The abstractionism goes further than the rectangles, dots and dashes. It is apparent in the way the wall space is appropriated and animated, in bits of what seems to be nothing but inspired doodling, in the counterpoint of S-curved backs and sagging bellies, and in such details as the elaboration of antlers of the small deer. The artist clearly enjoyed the graphic results of simply letting his hand swoop and his arm sweep.

---To enter the Well you descend from a chamber called the Apse, so-called because it ends in a semi-dome. On the walls are paintings that have been nearly effaced by what Bataille calls "a swarming network of countless etchings." The entire ceiling and all the walls were minutely carved with many of the figures superimposed. The vast number of engravings is in contrast to the few figures in the Well Scene, as if here an abundance of data was accumulated and computed into the equation on the wall of the Well. The cave itself is a sacred space, and the Well is a special spot within this space. The Main Hall opens directly north, and the wall of the Well Scene, as you face it, is a few degrees south of east. The bird-headed man points to the celestial north, and the spear represents the pole of the ecliptic. I consider all the figures in the Well Scene to pertain to one composition, and that composition is analogous to Egyptian charts of the northern constellations represented by a hippopotamus, a bull, and a bird-headed man.--- Read More:

One of the most analyzed images from the cave is that of the stick figure of a human, but a human with a “bird” head.  Beside this  image is a totem-like stick with a bird atop it.This type  of symbolic and repeated bird imagery is recurrent among shamanistic themes;  shamans are known as frequent flyers when inhabiting an altered states of consciousness .This is one of those paintings where it is almost impossible to decipher whether the figure participating is dancing, fighting or in some ritualistic relationship. What is clear is that the overall meaning goes beyond the explanation of hunting, magic and tallying of the kill. It also defies the known contexts of ethnological analogy. Although research has plausibly, even convincingly demonstrated the connection of the cave paintings with astrology and the “dead man” painting with sacred geometry, we still do not entirely comprehend what game is actually being enacted and that the ground rules for understanding it have yet to be fully deciphered.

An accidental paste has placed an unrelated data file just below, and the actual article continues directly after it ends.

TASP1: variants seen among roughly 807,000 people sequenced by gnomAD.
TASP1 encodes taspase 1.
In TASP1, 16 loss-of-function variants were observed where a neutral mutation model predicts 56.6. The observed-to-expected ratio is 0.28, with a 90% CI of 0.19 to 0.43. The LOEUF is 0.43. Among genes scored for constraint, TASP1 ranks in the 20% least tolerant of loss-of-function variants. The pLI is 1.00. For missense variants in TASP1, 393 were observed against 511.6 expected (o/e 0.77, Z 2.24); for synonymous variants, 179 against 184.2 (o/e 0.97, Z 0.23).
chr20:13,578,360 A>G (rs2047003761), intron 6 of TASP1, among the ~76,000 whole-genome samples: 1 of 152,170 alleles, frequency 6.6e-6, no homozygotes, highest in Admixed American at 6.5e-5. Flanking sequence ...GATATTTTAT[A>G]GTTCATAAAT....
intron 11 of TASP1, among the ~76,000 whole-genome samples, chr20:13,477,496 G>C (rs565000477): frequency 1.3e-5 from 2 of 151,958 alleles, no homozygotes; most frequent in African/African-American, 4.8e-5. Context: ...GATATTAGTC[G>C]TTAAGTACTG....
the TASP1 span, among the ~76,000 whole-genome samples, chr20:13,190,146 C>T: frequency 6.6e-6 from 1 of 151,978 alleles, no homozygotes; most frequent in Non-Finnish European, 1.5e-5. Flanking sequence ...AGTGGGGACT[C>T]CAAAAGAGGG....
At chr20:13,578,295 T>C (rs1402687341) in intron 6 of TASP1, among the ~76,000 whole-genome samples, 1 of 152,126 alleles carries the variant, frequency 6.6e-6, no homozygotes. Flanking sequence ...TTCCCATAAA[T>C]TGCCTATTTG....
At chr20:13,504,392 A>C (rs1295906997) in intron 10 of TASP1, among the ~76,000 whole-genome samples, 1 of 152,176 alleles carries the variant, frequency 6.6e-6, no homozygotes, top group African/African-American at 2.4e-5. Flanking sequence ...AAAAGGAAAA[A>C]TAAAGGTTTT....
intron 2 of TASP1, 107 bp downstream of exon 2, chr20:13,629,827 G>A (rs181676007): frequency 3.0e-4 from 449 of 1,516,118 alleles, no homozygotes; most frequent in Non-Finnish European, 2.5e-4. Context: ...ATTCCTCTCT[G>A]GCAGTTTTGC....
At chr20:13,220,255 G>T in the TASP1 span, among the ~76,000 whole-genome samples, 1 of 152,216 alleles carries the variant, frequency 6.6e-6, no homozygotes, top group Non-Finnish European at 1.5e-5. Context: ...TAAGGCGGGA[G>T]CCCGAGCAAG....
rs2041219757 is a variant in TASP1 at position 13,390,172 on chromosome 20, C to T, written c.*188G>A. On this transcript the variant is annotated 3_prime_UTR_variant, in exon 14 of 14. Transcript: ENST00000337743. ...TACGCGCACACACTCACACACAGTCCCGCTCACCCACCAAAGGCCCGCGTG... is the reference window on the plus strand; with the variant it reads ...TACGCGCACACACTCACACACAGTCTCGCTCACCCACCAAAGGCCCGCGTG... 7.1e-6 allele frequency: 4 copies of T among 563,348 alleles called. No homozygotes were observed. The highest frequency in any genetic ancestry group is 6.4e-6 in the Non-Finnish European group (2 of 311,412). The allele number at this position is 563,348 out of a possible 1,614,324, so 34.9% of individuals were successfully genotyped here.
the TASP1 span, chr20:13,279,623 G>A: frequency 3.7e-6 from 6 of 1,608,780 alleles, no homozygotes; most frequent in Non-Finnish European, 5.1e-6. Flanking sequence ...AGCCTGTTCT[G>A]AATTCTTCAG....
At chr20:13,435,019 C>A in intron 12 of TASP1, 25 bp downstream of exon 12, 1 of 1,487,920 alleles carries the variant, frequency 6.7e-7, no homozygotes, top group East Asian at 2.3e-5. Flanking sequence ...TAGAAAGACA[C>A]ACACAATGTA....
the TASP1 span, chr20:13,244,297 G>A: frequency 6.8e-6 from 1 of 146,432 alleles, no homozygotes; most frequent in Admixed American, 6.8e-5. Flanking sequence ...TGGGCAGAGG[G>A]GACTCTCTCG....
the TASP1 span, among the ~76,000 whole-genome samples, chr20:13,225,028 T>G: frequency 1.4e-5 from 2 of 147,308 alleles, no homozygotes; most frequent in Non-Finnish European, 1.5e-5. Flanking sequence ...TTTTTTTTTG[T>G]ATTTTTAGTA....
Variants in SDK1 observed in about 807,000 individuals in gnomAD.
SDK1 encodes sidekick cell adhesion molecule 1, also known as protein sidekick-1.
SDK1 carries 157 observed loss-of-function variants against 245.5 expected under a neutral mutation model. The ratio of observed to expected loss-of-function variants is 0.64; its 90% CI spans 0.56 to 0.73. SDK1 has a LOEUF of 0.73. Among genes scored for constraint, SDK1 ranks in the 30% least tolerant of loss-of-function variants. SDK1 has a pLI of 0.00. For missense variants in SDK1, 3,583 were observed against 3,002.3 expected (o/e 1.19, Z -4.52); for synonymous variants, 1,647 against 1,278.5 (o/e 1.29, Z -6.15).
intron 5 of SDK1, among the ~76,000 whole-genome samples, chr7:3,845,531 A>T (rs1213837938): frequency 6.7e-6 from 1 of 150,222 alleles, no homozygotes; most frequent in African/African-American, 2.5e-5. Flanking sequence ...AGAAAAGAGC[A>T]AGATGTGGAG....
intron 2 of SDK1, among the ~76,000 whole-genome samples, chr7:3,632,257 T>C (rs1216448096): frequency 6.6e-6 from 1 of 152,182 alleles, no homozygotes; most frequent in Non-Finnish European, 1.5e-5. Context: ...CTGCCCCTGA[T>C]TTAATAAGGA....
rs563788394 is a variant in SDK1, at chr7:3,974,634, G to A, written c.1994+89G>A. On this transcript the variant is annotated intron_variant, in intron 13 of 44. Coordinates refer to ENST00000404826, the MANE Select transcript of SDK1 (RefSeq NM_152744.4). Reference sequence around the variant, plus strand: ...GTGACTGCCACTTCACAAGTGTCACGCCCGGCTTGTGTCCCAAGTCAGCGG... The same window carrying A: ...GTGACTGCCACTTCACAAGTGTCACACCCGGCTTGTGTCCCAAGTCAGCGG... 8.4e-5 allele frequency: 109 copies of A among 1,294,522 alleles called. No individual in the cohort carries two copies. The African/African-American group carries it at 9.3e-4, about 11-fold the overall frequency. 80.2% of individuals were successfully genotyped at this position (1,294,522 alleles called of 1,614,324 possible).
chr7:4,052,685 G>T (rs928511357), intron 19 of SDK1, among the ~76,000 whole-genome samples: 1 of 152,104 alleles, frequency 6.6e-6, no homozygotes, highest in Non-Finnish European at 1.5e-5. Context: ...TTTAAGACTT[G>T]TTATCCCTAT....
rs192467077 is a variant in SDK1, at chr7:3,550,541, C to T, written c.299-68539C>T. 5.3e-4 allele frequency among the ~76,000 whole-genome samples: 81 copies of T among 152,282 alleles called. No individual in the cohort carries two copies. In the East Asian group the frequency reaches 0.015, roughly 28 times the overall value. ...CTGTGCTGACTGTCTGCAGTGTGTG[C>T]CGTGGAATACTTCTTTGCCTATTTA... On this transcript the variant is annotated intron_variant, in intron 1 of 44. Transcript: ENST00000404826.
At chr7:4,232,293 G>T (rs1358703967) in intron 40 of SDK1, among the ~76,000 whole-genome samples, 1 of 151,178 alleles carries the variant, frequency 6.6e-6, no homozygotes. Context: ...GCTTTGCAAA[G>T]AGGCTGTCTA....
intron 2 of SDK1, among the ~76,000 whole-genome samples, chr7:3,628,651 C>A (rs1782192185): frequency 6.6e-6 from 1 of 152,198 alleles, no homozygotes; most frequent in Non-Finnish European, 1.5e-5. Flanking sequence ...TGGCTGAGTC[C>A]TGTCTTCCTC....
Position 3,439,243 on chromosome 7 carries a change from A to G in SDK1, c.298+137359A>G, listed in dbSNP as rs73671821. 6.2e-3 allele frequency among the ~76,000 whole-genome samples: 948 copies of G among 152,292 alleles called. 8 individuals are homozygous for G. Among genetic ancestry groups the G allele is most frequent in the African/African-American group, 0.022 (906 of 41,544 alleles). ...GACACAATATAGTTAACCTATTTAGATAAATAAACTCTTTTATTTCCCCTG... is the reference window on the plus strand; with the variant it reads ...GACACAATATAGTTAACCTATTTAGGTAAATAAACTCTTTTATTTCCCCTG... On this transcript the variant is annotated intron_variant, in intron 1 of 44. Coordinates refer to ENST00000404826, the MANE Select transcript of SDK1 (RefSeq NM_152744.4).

The paintings in the cave at Lascaux have been deemed a miracle, but their meaning remains an enigma. In general, art historians have concentrated on documenting the caves, taking measurements and tracings, and they have only put forth tentative hypotheses about the meanings of the paintings. There are essentially four categories of interpretation. First, animism, where all things are filled with an immaterial force animating the universe. The portraits are of animal spirits, the painters repainting in order to renew their power over them. This helps explain the many superimposed figures. Second, the magic of the hunt,

e invisible spirits must be revered and, if possible, influenced with sympathetic magic.

This helps explain certain obscure markings, possibly spears and arrows drawn on the figures or actual holes dug into the compositions, which indicate the animal has been killed or wounded. Third, the cult of beauty or pure decoration, where the artists painted for the pleasure and fascination of representing creatures that were a part of their lives. This helps explain the high degree of competency in their drawing, their understanding of animal anatomy, and their incorporation of natural accidents in the rocks as part of the paintings.

The fourth conjecture is the language of sexuality, where the paintings are interpreted in the context of a fertility cult, the bison with a female valence, the horses with a male valence. The prehistorian André Leroi-Gourhan hazards this idea. In The Time Falling Bodies Take to Light, William Irwin Thompson couples Leroi-Gourhan’s idea with the idea of Alexander Marshack, that the animal figures are expressions of time-factoring patterns, to suggest the possibility of a complex cosmology in which the animals are the early forms of the zodiac. Read More: